My Letter To CNN


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Tonight I watched a CNN “Town Hall Meeting”, with Anderson Cooper, Dr. Sanjay Gupta, Dr. Leana Wen and Dr. Drew . This was nothing like what a “Town Hall Meeting”  is supposed to resemble! It was “one-sided” ……..and there was no one sticking up for the rights of chronic pain patients. Oh,I know that they were there. They were in the audience just hoping and waiting for their chance to get out “our” thoughts on the subject of Opioids. They’re  being slowly taken from us as we writhe in pain and the so called “Dr’s against opioids” want us to “think our pain away”!  Better yet, why not have a CRPS patient with Allodynia (hypersensinsitive to touch)/ pain patient, get a massage??  Once & for all,  an “addict” is not the same as a chronic pain patient!  Pain patients are not addicts. We do not “crave” our pain medications. We do not have overwhelming thoughts about our meds and we do NOT get any kind of “high” by taking our prescribed dosages in a responsible manner!  This is what I’d like to say to the producers, Dr’s & Mr. Cooper, at CNN!  Those persons who hijacked what was supposed to be a “Town Hall meeting”. But in real such arenas, you get to hear from both sides. This meeting was more like a documentary against the use of Opioids!  At one point Anderson Cooper allows a long time Opioid user, who’s a chronic pain patient, to take the microphone. She says that she’s been having a better life while taking the Opioids responsibly for over 20 years! She was “cut off” mid sentence by Dr. Drew, who tells her and everyone else that “she us NOT the Norm”!  It got worse and more against “us”/ the people living with chronic pain, as time went on!  Here is what I’d like to say to them should I get the chance:

This letter is not only for CNN’s Anderson Cooper, but for Dr. Sanjay Gupta, Dr. Leana Wen & Dr. Drew;

First of all, I’m writing not only for myself, but on behalf of all Chronic Pain patients. Number 1: The Disease of addiction is NOT equal to the Disease of Chronic Pain! They are not one in the same! That so-called “Town a meeting” on CNN this evening was not one at all! A true Town Meeting is an open forum that promotes Democracy! Tonight, Anderson Cooper & CNN’s “get together” with Dr.’s Drew, Gupta & Wen; was more like a one sided opinion/discussion meeting! Only one true chronic pain patient got to speak! Not only was she interrupted, but then Dr. Drew had to make sure to say that she “was not the ordinary”!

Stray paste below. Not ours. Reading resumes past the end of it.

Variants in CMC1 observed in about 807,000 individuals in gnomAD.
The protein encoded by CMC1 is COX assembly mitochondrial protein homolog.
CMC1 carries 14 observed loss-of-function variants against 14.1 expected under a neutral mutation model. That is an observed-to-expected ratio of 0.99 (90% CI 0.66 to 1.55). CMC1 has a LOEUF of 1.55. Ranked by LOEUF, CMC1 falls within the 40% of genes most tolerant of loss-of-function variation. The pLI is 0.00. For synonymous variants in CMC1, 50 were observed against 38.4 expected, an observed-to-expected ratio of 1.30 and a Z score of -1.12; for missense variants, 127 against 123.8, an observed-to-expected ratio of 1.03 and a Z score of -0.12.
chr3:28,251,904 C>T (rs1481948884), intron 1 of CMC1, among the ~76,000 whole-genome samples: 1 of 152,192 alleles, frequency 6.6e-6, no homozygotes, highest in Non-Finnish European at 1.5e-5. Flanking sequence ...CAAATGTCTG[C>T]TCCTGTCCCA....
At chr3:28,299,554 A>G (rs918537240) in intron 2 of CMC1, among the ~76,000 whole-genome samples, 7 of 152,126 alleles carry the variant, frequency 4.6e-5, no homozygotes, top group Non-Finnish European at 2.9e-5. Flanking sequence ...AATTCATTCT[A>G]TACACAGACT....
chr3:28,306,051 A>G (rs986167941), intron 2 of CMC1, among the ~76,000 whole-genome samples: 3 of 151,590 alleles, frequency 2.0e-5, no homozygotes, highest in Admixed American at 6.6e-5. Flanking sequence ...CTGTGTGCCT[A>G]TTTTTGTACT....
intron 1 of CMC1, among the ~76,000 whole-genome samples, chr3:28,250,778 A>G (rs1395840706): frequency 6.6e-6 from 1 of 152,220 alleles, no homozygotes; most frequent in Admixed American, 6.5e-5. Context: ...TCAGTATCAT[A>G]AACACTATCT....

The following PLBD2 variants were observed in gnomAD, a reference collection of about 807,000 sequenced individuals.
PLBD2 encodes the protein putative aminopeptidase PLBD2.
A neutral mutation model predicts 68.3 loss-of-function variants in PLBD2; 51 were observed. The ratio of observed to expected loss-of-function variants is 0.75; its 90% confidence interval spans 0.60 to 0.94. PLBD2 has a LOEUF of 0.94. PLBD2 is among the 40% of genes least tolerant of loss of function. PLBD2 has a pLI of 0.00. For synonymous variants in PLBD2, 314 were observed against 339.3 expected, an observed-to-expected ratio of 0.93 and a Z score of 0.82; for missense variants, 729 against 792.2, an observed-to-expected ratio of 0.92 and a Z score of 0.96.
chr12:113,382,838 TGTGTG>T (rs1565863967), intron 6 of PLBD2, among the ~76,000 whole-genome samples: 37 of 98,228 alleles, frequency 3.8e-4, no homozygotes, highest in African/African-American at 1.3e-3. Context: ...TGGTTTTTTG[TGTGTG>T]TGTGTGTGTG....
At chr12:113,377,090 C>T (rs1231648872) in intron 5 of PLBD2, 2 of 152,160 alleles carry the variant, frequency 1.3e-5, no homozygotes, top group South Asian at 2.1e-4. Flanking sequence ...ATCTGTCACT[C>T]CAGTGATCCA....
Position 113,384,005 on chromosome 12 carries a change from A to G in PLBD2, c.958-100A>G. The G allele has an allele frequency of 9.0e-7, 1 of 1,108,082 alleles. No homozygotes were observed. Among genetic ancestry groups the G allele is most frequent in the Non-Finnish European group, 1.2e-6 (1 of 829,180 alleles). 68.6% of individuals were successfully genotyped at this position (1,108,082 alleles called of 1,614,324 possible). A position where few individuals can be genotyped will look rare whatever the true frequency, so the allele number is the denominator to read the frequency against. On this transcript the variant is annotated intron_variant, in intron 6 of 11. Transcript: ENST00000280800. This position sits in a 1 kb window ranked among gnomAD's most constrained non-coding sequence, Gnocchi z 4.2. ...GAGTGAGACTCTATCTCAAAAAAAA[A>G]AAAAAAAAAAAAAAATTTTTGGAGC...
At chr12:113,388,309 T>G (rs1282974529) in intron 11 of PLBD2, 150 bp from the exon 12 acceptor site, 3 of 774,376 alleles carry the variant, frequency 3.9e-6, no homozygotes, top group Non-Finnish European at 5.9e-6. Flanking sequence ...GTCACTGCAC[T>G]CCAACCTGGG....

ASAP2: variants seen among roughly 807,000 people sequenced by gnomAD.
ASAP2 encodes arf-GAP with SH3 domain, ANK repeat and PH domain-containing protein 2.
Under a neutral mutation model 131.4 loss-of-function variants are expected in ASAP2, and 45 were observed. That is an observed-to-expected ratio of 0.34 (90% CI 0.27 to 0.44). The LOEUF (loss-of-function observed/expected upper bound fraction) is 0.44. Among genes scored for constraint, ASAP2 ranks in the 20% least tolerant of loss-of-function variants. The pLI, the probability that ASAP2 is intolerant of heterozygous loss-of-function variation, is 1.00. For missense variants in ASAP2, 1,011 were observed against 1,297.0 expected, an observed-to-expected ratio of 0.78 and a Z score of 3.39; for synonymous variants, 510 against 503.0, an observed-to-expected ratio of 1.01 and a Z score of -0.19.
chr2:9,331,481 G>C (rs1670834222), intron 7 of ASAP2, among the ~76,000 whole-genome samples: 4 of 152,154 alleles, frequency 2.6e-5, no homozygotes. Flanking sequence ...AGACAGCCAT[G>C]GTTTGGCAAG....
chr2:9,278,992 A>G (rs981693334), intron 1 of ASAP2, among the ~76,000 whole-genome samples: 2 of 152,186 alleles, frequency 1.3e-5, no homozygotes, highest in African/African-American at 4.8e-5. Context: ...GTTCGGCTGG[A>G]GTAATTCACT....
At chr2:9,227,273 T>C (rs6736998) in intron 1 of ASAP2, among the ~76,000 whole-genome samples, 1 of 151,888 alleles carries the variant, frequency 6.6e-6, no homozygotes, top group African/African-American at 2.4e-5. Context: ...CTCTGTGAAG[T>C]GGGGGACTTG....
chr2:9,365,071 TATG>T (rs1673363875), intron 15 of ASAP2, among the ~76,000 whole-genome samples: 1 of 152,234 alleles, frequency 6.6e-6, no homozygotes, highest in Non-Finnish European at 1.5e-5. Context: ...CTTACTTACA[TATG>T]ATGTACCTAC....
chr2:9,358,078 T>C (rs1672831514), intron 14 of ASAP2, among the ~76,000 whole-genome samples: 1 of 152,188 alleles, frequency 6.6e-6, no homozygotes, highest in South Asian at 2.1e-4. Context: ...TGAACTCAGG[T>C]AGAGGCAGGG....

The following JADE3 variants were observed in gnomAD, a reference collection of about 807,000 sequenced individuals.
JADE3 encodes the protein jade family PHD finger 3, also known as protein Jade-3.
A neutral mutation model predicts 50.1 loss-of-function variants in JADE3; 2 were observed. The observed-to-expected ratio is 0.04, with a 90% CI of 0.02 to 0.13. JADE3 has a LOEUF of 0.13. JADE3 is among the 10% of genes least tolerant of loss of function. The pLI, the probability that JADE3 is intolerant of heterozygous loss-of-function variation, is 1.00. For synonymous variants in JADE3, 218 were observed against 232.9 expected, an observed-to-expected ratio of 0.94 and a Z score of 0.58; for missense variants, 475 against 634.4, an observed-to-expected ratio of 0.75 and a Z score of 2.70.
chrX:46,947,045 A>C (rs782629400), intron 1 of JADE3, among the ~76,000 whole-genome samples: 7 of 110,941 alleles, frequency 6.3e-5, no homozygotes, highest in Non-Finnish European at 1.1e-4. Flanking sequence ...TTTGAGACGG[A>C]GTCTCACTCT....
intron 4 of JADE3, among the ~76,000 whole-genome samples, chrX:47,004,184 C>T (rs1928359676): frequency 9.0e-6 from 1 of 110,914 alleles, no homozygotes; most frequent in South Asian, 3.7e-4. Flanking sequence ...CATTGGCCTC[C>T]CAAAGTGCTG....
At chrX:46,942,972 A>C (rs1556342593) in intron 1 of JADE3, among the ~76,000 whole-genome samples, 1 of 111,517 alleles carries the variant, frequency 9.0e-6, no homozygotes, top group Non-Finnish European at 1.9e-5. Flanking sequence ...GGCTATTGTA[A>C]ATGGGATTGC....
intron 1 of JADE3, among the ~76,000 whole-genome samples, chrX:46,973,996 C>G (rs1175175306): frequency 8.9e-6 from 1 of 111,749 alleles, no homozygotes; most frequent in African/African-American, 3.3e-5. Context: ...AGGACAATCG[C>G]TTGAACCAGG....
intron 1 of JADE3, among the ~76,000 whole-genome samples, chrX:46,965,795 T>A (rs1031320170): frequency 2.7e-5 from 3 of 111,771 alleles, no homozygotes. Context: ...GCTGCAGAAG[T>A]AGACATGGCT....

I’ve been a patient with chronic pain since 2002 s/p a MVA! Then after those multiple injuries, 8 surgeries and more pain than I want to remember, I got the worst form of Chronic Pain, called “Complex Regional Pain Syndrome”(it is #43 on the McGill Pain Scale. It’s right up there with cancer, childbirth & amputation of a finger). It was then, that I truly knew what chronic pain was all about. Or so I thought, until my CRPS went systemic/full body, s/p another surgery in 2013.

Mr. Cooper, at your meeting,it was mentioned that “2 million Americans misuse Opioids”. But do you know how many Chronic pain patients take their medications just as prescribed? The majority of Chronic Pain patients are conscientious in taking their prescribed Opioid pain medications. We do not CRAVE or get a “high” from our prescribed pain meds. Nor do we allow our pain meds to control us or our every thought. On the other hand, an addict is controlled by his drugs! That’s one main difference between pain patients and addicts. I control my medications, they don’t control me! Dependence and addiction are completely different. Many meds can cause withdrawals when cessation begins, for example: blood pressure medications, anti-depressants, Beta Blockers and so on! Do you know that “WE” (Pain patients) get lumped together with Heroin addicts? What if your mother or sister suffered 365/24/7 with horrible fire-like burning pain, like that of CRPS? Would you be so quick to push them into a category with “drug addicts”? What if they were under a reputable Dr’s care and taking pain medications in order to function and be able to get out of bed in the mornings?

Untreated Chronic Pain kills too! Opioids have been prescribed for pain for many years! Why punish everyone for the actions of a some?  When we are taking our pain medications responsibly and as prescribed. While we are under the care of a Medical Doctor who went to school for many years to learn his job; (whether he /she be a GP or Pain Management specialist).  This Physician took the oath to “Do No Harm” and as long as they’ve been prescribing responsibly; then there’s no reason for any of this! It’s just the latest hype by those who are “on a mission”! The people who are up in arms about this subject, are those who stand to lose the most money if we are allowed to just continue taking the medications that work for some of us! I’m talking about The Private clinics that are getting $2,000 cash, per Ketamine infusion because insurance doesn’t pay for that. Desperate people in horrible pain are willing to pay cash to have some sort of hope or even short time relief!! (**Ketamine is a much more dangerous drug! It’s used in Veterinary medicine , to tranquilize a horse)! Others that stand to lose money are the manufacturers of the spinal cord Stimulators and pain pumps, along with Massage & Acupuncture centers. Why let us take an inexpensive pill that has worked for several years? If something is and has been working, please don’t take it away?

The Disease of Chronic Pain does not Equal the Disease of addiction! Lastly, people suffer because Chronic Pain is not only stigmatized but it’s under treated. Suicide rates rise & will continue to do so, due to this lack of treatment & lack of availability of the medications required for the relief of chronic pain. Also because physicians are “running away” and closing their doors on chronic pain patients because of the fear that they now have of being taken away to jail just for doing the job for which they went through many years of schooling and took an oath to “Do No Harm”!